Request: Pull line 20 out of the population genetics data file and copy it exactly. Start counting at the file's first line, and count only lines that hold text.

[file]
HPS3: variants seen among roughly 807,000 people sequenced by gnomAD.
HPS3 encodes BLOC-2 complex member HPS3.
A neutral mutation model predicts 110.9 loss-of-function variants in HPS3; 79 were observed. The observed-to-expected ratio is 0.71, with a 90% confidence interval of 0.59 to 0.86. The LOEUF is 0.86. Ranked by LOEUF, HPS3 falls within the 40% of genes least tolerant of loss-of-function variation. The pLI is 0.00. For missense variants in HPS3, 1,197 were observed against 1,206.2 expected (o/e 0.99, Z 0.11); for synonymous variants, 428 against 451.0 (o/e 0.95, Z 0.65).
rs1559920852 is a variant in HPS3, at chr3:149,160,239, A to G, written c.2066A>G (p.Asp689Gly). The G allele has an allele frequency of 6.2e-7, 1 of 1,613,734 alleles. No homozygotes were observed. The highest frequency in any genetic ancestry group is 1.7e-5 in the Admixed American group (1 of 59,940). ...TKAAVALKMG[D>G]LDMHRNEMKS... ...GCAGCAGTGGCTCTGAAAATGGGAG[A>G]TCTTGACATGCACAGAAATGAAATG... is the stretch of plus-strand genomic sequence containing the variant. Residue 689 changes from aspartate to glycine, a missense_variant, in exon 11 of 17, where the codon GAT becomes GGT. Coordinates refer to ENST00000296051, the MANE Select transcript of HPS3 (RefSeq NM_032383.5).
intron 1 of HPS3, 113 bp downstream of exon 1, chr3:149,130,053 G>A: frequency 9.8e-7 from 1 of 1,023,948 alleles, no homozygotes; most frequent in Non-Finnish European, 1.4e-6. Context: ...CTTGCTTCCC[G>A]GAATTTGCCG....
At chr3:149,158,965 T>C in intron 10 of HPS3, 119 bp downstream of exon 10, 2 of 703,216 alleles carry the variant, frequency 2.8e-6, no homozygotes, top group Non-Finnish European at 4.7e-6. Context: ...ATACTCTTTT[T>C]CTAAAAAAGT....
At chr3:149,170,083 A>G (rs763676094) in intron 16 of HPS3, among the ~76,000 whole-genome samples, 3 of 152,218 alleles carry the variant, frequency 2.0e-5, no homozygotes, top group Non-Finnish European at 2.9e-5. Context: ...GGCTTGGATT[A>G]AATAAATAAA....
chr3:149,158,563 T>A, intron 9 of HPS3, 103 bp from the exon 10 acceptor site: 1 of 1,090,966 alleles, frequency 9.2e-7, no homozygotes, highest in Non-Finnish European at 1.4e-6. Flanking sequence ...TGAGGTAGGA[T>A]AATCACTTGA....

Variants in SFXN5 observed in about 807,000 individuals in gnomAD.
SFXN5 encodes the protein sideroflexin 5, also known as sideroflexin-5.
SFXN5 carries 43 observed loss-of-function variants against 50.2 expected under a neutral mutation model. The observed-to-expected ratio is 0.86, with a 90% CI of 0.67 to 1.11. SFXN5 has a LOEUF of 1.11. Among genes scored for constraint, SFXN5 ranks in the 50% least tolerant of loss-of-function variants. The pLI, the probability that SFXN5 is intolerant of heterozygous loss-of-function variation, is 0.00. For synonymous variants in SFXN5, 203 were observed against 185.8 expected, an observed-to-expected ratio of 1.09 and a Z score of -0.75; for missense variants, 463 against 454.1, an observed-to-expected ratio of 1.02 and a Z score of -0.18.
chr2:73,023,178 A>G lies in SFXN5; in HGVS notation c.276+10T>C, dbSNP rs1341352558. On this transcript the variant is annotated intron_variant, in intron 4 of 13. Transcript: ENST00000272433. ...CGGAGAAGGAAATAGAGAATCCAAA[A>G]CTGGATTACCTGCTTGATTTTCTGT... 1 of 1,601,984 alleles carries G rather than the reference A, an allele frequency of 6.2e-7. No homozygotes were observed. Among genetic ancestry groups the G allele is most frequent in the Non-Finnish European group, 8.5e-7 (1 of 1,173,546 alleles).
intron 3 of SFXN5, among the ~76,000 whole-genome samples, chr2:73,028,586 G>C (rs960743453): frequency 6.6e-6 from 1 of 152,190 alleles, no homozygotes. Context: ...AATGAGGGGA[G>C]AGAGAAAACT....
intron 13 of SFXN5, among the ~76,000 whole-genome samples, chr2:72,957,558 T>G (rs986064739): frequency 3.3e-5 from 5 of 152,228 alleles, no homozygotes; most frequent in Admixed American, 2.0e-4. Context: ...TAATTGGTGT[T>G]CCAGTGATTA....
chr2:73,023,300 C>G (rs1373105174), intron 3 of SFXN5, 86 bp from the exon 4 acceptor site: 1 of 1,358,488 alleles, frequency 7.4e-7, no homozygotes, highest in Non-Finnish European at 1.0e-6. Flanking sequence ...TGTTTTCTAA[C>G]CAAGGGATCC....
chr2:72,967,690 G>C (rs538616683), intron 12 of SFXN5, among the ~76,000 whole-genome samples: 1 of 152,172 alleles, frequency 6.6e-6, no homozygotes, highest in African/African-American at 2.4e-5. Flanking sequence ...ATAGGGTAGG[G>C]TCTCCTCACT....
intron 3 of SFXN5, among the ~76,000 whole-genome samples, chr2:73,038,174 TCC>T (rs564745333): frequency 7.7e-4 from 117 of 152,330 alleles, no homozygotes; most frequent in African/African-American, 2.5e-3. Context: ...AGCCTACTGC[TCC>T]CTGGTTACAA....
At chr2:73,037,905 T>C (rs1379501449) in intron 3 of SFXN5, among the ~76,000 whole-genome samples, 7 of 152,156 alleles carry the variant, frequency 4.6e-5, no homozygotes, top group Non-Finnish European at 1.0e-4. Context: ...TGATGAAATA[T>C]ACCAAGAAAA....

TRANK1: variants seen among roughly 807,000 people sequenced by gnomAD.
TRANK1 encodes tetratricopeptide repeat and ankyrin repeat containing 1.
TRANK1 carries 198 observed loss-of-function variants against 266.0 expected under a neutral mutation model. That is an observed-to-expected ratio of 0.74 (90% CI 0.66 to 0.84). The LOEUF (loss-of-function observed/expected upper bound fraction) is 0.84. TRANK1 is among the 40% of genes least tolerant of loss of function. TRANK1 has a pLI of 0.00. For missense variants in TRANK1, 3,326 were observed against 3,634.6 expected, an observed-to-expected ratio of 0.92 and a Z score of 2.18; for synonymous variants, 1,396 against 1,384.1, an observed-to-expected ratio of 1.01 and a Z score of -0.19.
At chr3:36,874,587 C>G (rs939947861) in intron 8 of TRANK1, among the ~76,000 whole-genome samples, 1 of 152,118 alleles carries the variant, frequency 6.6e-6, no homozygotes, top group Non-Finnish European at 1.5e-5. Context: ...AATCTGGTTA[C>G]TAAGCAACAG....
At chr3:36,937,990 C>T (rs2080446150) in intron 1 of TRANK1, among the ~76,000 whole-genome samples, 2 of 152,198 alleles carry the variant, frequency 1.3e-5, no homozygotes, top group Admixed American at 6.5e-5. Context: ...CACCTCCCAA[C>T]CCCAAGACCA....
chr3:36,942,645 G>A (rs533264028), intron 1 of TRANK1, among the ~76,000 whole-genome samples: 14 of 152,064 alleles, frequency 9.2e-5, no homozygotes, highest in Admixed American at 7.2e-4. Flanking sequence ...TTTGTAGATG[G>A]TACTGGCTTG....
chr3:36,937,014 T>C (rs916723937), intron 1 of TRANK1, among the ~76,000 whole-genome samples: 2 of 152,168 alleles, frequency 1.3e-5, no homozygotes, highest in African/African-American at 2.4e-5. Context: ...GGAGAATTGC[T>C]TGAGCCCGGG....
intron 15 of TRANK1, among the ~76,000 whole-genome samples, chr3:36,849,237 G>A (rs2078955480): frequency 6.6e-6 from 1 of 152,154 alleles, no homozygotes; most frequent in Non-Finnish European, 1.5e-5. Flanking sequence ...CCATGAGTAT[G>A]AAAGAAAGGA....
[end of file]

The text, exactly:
TRANK1 encodes tetratricopeptide repeat and ankyrin repeat containing 1.